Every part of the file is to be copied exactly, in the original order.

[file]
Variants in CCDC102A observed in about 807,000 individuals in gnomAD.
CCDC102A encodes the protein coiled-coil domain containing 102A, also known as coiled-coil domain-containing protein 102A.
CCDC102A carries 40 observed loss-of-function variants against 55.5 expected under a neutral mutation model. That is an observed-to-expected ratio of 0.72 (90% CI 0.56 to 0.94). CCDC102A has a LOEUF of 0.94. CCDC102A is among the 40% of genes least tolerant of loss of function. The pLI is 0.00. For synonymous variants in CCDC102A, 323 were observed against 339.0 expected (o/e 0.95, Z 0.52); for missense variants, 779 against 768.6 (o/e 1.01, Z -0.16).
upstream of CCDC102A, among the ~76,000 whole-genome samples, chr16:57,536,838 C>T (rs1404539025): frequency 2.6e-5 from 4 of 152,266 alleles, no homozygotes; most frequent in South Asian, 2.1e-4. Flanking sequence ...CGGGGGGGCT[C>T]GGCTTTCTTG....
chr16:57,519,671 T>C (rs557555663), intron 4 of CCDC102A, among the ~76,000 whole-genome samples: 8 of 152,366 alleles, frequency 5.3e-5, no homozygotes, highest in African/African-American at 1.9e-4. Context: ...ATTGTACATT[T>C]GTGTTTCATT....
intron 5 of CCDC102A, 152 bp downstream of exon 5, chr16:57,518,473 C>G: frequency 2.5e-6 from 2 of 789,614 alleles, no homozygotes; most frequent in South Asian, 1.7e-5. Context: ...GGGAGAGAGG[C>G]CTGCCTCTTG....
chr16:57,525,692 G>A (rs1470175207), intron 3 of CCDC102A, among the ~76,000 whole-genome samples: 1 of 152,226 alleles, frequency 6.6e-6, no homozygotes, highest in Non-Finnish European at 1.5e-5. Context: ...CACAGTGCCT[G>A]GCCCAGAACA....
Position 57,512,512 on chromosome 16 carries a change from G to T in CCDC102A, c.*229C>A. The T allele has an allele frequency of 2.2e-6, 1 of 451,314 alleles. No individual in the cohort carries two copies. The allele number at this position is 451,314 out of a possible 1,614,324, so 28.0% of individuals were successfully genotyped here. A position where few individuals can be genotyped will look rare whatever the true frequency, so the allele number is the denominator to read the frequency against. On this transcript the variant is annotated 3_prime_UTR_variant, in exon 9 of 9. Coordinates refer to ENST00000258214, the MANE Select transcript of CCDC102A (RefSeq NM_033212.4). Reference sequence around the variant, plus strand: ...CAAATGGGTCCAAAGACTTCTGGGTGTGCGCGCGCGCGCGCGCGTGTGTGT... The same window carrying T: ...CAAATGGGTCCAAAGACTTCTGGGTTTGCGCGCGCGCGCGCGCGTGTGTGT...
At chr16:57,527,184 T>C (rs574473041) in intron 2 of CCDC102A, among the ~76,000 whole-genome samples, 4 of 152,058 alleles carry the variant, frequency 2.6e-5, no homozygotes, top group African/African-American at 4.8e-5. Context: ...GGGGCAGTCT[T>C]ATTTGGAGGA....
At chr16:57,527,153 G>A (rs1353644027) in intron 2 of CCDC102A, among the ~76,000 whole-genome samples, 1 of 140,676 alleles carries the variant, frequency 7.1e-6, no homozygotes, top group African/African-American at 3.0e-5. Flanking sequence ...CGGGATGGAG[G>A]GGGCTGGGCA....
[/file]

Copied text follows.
Variants in CCDC102A observed in about 807,000 individuals in gnomAD.
CCDC102A encodes the protein coiled-coil domain containing 102A, also known as coiled-coil domain-containing protein 102A.
CCDC102A carries 40 observed loss-of-function variants against 55.5 expected under a neutral mutation model. That is an observed-to-expected ratio of 0.72 (90% CI 0.56 to 0.94). CCDC102A has a LOEUF of 0.94. CCDC102A is among the 40% of genes least tolerant of loss of function. The pLI is 0.00. For synonymous variants in CCDC102A, 323 were observed against 339.0 expected (o/e 0.95, Z 0.52); for missense variants, 779 against 768.6 (o/e 1.01, Z -0.16).
upstream of CCDC102A, among the ~76,000 whole-genome samples, chr16:57,536,838 C>T (rs1404539025): frequency 2.6e-5 from 4 of 152,266 alleles, no homozygotes; most frequent in South Asian, 2.1e-4. Flanking sequence ...CGGGGGGGCT[C>T]GGCTTTCTTG....
chr16:57,519,671 T>C (rs557555663), intron 4 of CCDC102A, among the ~76,000 whole-genome samples: 8 of 152,366 alleles, frequency 5.3e-5, no homozygotes, highest in African/African-American at 1.9e-4. Context: ...ATTGTACATT[T>C]GTGTTTCATT....
intron 5 of CCDC102A, 152 bp downstream of exon 5, chr16:57,518,473 C>G: frequency 2.5e-6 from 2 of 789,614 alleles, no homozygotes; most frequent in South Asian, 1.7e-5. Context: ...GGGAGAGAGG[C>G]CTGCCTCTTG....
chr16:57,525,692 G>A (rs1470175207), intron 3 of CCDC102A, among the ~76,000 whole-genome samples: 1 of 152,226 alleles, frequency 6.6e-6, no homozygotes, highest in Non-Finnish European at 1.5e-5. Context: ...CACAGTGCCT[G>A]GCCCAGAACA....
Position 57,512,512 on chromosome 16 carries a change from G to T in CCDC102A, c.*229C>A. The T allele has an allele frequency of 2.2e-6, 1 of 451,314 alleles. No individual in the cohort carries two copies. The allele number at this position is 451,314 out of a possible 1,614,324, so 28.0% of individuals were successfully genotyped here. A position where few individuals can be genotyped will look rare whatever the true frequency, so the allele number is the denominator to read the frequency against. On this transcript the variant is annotated 3_prime_UTR_variant, in exon 9 of 9. Coordinates refer to ENST00000258214, the MANE Select transcript of CCDC102A (RefSeq NM_033212.4). Reference sequence around the variant, plus strand: ...CAAATGGGTCCAAAGACTTCTGGGTGTGCGCGCGCGCGCGCGCGTGTGTGT... The same window carrying T: ...CAAATGGGTCCAAAGACTTCTGGGTTTGCGCGCGCGCGCGCGCGTGTGTGT...
At chr16:57,527,184 T>C (rs574473041) in intron 2 of CCDC102A, among the ~76,000 whole-genome samples, 4 of 152,058 alleles carry the variant, frequency 2.6e-5, no homozygotes, top group African/African-American at 4.8e-5. Context: ...GGGGCAGTCT[T>C]ATTTGGAGGA....
At chr16:57,527,153 G>A (rs1353644027) in intron 2 of CCDC102A, among the ~76,000 whole-genome samples, 1 of 140,676 alleles carries the variant, frequency 7.1e-6, no homozygotes, top group African/African-American at 3.0e-5. Flanking sequence ...CGGGATGGAG[G>A]GGGCTGGGCA....